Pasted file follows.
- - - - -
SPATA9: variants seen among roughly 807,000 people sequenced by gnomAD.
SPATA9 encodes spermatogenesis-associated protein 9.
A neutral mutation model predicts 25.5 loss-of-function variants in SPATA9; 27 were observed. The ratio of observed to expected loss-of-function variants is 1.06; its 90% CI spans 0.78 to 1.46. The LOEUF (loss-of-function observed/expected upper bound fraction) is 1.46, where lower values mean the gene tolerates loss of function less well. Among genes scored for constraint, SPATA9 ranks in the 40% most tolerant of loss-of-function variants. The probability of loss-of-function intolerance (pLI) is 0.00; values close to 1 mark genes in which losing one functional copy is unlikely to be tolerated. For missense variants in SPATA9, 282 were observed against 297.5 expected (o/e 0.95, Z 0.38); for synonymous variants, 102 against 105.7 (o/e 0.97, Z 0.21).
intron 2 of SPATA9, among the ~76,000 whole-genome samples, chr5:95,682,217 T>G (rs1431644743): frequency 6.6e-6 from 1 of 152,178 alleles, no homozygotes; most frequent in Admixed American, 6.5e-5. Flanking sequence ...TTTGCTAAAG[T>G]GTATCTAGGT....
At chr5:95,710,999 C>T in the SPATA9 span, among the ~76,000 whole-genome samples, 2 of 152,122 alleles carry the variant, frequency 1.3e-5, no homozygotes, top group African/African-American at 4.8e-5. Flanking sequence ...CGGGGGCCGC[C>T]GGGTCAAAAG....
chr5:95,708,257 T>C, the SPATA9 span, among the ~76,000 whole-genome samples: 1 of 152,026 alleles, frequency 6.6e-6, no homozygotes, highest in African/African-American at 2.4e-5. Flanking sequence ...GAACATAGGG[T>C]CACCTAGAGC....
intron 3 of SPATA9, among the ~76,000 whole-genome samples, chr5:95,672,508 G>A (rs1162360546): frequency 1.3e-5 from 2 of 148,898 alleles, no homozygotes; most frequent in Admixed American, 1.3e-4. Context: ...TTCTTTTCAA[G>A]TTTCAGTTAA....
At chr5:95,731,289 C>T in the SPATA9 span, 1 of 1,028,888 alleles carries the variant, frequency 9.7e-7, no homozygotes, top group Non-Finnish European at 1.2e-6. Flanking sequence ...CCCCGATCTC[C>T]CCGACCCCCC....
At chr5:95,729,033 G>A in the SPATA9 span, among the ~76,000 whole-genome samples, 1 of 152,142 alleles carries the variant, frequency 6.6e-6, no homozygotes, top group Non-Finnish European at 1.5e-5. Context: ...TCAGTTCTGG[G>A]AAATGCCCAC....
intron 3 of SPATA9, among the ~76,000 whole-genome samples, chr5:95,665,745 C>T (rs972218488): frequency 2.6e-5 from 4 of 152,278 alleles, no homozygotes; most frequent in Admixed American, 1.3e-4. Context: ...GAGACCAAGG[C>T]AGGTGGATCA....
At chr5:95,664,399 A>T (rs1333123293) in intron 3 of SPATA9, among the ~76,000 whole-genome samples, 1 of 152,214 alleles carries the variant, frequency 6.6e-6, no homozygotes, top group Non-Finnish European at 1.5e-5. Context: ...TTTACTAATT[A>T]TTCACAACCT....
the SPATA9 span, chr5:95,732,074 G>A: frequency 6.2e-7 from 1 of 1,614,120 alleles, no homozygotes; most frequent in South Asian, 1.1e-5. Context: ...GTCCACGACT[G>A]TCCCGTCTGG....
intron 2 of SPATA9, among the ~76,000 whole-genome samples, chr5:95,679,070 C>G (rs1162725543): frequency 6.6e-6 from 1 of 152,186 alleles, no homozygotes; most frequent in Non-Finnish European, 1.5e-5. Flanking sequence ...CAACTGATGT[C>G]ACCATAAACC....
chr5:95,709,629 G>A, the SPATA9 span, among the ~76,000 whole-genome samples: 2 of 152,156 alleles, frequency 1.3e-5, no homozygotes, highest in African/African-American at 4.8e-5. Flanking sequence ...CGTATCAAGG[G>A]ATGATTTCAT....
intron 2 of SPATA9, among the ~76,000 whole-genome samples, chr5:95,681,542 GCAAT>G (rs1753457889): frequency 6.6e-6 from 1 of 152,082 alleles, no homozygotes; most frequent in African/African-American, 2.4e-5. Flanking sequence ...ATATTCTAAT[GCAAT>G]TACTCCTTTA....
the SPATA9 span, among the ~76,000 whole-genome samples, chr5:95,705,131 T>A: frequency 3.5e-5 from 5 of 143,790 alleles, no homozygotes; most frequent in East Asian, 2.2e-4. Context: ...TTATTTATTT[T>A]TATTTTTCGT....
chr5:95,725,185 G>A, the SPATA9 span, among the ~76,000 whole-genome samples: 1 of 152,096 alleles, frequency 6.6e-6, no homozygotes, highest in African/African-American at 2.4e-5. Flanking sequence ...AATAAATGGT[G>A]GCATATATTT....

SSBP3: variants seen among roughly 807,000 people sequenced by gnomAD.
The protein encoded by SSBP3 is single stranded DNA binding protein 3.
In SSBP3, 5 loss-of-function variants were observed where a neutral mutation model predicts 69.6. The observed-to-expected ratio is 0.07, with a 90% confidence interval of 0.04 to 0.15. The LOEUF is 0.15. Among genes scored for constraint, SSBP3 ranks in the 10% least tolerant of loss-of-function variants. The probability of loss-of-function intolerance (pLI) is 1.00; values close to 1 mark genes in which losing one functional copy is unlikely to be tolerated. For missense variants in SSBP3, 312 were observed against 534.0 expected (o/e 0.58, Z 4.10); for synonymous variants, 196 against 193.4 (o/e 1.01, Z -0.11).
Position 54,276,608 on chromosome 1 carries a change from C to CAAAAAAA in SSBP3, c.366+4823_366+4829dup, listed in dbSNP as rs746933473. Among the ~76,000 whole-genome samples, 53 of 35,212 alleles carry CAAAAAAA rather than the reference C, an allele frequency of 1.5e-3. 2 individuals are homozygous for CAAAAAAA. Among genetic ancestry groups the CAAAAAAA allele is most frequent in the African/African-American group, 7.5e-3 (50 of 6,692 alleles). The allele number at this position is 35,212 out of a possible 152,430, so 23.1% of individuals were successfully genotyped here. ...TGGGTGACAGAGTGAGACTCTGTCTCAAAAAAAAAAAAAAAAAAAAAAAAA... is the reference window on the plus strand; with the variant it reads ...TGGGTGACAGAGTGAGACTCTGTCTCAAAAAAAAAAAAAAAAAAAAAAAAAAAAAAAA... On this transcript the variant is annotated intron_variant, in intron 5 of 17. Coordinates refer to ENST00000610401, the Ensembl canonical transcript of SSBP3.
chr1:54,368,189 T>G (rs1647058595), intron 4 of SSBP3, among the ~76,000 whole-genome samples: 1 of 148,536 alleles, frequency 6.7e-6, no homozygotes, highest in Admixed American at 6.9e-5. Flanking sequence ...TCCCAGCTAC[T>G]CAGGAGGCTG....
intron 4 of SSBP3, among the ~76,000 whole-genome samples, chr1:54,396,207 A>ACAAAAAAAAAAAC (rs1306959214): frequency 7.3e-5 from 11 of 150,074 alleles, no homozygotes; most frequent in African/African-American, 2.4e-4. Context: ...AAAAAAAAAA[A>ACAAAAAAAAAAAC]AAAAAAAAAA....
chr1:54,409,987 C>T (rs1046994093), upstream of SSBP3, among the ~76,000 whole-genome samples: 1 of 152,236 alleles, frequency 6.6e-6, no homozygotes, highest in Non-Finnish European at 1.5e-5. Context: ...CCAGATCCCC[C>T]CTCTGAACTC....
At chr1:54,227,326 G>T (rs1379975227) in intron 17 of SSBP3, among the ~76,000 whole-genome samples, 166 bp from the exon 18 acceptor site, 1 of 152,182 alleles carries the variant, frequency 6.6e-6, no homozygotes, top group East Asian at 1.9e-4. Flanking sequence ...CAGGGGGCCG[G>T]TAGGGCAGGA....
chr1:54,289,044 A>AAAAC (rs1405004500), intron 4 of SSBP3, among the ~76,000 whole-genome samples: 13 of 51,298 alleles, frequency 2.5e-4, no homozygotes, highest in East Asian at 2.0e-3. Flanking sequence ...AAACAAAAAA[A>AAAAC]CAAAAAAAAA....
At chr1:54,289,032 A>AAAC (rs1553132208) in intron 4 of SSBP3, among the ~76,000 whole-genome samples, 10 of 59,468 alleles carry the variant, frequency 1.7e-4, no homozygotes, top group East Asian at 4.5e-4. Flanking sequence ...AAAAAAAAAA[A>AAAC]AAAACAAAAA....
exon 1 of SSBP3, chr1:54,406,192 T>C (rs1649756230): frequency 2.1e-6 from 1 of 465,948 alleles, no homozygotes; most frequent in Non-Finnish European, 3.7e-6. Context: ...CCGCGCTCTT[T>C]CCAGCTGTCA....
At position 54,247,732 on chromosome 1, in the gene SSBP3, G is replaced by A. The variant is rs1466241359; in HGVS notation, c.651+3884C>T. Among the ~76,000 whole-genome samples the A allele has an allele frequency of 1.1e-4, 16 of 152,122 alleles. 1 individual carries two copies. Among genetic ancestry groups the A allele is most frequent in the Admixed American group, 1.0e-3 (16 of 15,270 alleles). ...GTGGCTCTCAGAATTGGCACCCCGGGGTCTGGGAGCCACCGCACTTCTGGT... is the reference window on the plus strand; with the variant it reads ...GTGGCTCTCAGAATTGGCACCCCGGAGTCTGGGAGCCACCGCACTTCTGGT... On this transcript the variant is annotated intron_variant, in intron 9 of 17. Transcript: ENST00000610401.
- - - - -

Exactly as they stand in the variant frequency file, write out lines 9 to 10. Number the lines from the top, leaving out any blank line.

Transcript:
At chr5:95,729,033 G>A in the SPATA9 span, among the ~76,000 whole-genome samples, 1 of 152,142 alleles carries the variant, frequency 6.6e-6, no homozygotes, top group Non-Finnish European at 1.5e-5. Context: ...TCAGTTCTGG[G>A]AAATGCCCAC....
intron 3 of SPATA9, among the ~76,000 whole-genome samples, chr5:95,665,745 C>T (rs972218488): frequency 2.6e-5 from 4 of 152,278 alleles, no homozygotes; most frequent in Admixed American, 1.3e-4. Context: ...GAGACCAAGG[C>T]AGGTGGATCA....